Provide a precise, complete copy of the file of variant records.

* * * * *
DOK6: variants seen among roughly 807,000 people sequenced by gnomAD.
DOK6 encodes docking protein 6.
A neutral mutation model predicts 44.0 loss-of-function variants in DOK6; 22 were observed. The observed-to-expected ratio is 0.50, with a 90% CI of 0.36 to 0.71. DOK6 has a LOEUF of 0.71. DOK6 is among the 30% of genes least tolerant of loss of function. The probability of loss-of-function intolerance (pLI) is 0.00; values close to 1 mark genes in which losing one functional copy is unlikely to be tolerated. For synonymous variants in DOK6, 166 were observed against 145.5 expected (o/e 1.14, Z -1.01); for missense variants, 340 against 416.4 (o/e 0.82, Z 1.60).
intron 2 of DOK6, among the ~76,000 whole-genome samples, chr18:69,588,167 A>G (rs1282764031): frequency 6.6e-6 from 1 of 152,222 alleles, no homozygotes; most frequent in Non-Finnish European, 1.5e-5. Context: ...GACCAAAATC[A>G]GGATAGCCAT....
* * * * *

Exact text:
DOK6: variants seen among roughly 807,000 people sequenced by gnomAD.
DOK6 encodes docking protein 6.
A neutral mutation model predicts 44.0 loss-of-function variants in DOK6; 22 were observed. The observed-to-expected ratio is 0.50, with a 90% CI of 0.36 to 0.71. DOK6 has a LOEUF of 0.71. DOK6 is among the 30% of genes least tolerant of loss of function. The probability of loss-of-function intolerance (pLI) is 0.00; values close to 1 mark genes in which losing one functional copy is unlikely to be tolerated. For synonymous variants in DOK6, 166 were observed against 145.5 expected (o/e 1.14, Z -1.01); for missense variants, 340 against 416.4 (o/e 0.82, Z 1.60).
intron 2 of DOK6, among the ~76,000 whole-genome samples, chr18:69,588,167 A>G (rs1282764031): frequency 6.6e-6 from 1 of 152,222 alleles, no homozygotes; most frequent in Non-Finnish European, 1.5e-5. Context: ...GACCAAAATC[A>G]GGATAGCCAT....